**The description:** Skin depth is a property of a material which dictates to what extent an electromagnetic wave can penetrate the material. Think about what happens when you look into a mirror. The back of the mirror is coated with a conducting material, which reflects light. This is essentially due to the fact that electrons are free to move inside a conductor, but for our purposes we can just say that it has to do with some special properties of the material. However, in order for these special properties of the material to have any effect on the incident light, the light must penetrate into the material to some extent. Exactly the depth that the light will penetrate is dependent upon its frequency, and the conductivity of the material in question, but it is this depth that we call the "skin depth".

**The derivation:** We assume for x < 0 we are in free space, and for x > 0 there exists a conductor with conductivity σ. Maxwell’s equations on the free-space side look like:

∇ x B = (1/c^{2})dE/dt
∇ x E = -dB/dt
∇ • B = 0
∇ • E = 0

And on the conductor side, they look like:

∇ x B = μJ
∇ x E = -dB/dt
∇ • B = 0
∇ • E = 0

We are implicitly assuming that the dE/dt term on the right-hand side of the equation for ∇ x B is much smaller than the

induced current μJ, since this term goes like 1/c

^{2}. This is known as the

quasistatic approximation. It is valid for low frequencies and/or high conductivities, since the current is an induced current (meaning it is larger for high conductivities), and saying that the speed of light is fast is equivalent to saying that everything else in our system is slow (hence low frequencies).

The current is induced by the electric field via Ohm’s law, J = σE, meaning:

∇ x B = μσE

The simplest way to solve this is to introduce a vector potential A(x,t):

B = ∇ x A

E = -dA/dt.

And we are in Coulomb Gauge, ∇ • A = 0.

Then the equations for ∇ • B, ∇ x E, and ∇ • E are automatically satisfied, and we now have:

∇ x (∇ x A) = -(1/c^{2})d^{2}A/dt^{2}, x < 0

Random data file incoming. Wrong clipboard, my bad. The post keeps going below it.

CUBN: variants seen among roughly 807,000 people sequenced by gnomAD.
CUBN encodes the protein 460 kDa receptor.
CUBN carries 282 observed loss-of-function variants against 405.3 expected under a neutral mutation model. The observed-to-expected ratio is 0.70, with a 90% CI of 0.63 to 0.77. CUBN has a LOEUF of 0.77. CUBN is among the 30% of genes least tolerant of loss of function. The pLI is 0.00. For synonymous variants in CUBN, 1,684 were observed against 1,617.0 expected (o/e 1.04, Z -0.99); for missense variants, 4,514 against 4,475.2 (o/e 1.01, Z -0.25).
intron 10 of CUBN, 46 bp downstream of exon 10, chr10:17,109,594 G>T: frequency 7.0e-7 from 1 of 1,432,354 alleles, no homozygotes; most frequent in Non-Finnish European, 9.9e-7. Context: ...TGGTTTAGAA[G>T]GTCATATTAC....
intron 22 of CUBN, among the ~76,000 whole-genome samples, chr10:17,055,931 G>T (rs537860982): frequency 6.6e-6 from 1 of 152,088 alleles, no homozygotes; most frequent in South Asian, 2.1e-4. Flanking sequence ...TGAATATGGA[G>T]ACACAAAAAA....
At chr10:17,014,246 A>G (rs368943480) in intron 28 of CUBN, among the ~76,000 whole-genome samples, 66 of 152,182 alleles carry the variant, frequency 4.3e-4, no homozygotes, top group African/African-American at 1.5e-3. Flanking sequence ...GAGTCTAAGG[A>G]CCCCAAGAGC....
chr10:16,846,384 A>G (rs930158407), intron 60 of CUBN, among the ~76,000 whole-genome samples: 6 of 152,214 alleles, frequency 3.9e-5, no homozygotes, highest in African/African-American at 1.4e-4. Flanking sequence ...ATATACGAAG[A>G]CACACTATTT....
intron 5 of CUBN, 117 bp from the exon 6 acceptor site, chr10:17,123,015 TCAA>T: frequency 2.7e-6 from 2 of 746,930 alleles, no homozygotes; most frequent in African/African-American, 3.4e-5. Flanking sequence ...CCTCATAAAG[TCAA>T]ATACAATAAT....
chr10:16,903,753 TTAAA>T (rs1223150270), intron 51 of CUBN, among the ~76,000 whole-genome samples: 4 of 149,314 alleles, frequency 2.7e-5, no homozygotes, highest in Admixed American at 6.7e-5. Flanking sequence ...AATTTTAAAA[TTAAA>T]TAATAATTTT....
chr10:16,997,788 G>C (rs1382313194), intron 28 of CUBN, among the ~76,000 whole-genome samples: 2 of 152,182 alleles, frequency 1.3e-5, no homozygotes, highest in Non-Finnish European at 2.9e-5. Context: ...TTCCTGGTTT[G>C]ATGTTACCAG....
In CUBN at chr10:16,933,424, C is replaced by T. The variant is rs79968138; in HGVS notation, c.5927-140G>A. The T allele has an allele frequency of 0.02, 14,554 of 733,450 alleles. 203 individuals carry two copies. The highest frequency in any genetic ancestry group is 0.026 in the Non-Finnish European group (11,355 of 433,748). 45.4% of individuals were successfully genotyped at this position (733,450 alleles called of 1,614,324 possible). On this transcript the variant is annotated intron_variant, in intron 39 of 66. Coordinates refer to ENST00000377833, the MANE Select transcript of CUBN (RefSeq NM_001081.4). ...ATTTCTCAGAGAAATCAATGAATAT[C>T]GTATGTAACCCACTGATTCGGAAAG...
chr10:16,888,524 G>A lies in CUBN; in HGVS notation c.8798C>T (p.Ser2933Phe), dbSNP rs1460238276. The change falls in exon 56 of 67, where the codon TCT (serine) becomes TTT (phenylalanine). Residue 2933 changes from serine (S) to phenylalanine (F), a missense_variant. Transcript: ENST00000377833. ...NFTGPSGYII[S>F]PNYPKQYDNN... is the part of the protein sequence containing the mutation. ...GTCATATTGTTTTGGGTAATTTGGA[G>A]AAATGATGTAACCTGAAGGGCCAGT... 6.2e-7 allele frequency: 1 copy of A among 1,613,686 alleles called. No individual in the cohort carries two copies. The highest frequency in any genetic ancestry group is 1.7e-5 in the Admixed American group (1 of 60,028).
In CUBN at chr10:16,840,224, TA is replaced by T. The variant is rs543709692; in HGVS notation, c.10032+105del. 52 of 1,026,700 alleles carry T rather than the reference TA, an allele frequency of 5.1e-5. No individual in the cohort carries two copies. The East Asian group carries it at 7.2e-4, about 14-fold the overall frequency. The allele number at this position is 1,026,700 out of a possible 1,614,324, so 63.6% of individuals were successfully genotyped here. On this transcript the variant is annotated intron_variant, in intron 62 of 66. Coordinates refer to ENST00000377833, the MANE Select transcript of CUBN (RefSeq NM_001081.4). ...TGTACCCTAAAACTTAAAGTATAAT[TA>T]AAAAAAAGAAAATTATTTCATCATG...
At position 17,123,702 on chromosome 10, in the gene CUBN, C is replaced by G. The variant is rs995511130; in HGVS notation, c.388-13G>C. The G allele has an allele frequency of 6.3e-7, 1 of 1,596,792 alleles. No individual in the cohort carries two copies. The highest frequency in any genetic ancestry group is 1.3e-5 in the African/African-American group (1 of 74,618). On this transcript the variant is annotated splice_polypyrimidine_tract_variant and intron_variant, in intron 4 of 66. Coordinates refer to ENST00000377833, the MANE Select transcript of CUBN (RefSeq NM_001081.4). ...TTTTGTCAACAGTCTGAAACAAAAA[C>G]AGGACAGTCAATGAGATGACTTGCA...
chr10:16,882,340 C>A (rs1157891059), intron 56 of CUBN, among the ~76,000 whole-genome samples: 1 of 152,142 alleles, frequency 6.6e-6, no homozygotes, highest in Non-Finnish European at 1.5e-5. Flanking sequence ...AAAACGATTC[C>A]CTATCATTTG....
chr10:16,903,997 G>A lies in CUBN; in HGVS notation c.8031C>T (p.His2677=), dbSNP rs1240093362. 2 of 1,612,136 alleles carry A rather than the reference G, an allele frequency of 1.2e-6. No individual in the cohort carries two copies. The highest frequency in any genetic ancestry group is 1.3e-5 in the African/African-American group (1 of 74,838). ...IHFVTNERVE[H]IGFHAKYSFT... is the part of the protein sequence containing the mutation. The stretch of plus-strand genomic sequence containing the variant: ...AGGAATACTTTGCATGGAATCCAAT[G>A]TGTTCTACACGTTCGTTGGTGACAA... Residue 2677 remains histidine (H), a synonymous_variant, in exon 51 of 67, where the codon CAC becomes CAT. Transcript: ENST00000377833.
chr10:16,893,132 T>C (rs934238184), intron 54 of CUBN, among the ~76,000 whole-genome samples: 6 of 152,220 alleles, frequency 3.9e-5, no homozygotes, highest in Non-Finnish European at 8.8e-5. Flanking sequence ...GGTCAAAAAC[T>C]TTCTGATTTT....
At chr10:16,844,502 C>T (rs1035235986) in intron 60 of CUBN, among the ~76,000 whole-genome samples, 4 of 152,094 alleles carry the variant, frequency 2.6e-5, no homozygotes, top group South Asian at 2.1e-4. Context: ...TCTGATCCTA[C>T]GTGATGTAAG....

∇ x (∇ x A) = - μσdA/dt, x > 0

Where ∇ x (∇ x A) = ∇(∇ • A) – ∇^{2}A = -∇^{2}A, i.e.

∇^{2}A = (1/c^{2})d^{2}A/dt^{2}, x < 0

∇^{2}A = μσdA/dt, x > 0

Plugging in the steady-state wave solution A = A_{0}e^{i(kx - ωt)}, we get:

k^{2} = ω^{2}/c^{2}, x < 0

k^{2} = iμσω x > 0

So, in free space we get our usual relationship between wave vector and frequency, but within the conductor, the wave vector has both real and imaginary parts:

k = (1/√2)(i + 1)√(μσω) = (1 + i)/δ

The imaginary part of k results in exponential damping that looks like:

A_{0}e^{i(kx - ωt)} = e^{-x/δ} • A_{0}e^{i(x/δ - ωt)}

δ is the skin depth, and is simply the inverse of the imaginary part of k given in the equation above:

δ = √(2/μσω).

For example, in copper, μ = μ_{0} = 4π x10^{-7} to within something like five orders of magnitude. σ = 5.95 x 10^{7} Ω^{-1}m^{-1}, and ω = 2πf.

Thus, δ = .0652 /√f (in meters).

For a frequency of 1200 THz (I think that's probably yellow light), the skin depth of copper would be 1.88 nm (1.88 x 10^{-9} meters).

**The end:** So, we see that for most common materials and frequencies, the skin depth is quite small. Given this, you might wonder why anyone would care what the skin depth of a material might be. Well, if you were a manufacturer that wanted to design the cheapest mirror possible, you might want to know what is the minimum amount of conducting material you need to use for the back of the mirror. If you're a young theoretical physicist getting his or her first taste of electromagnetic theory, you might enjoy the fact that this derivation made such handy use of imaginary numbers. As cereed pointed out, it's useful for submarine captains who need to know how close they need to get to the ocean's surface to receive radio waves. Apparently for this reason, the US navy uses extremely low frequency (ELF) radio waves for submarine communication (lower frequencies give higher skin depth, by the equation above).

If anyone else can think of applications of skin depth, please let me know.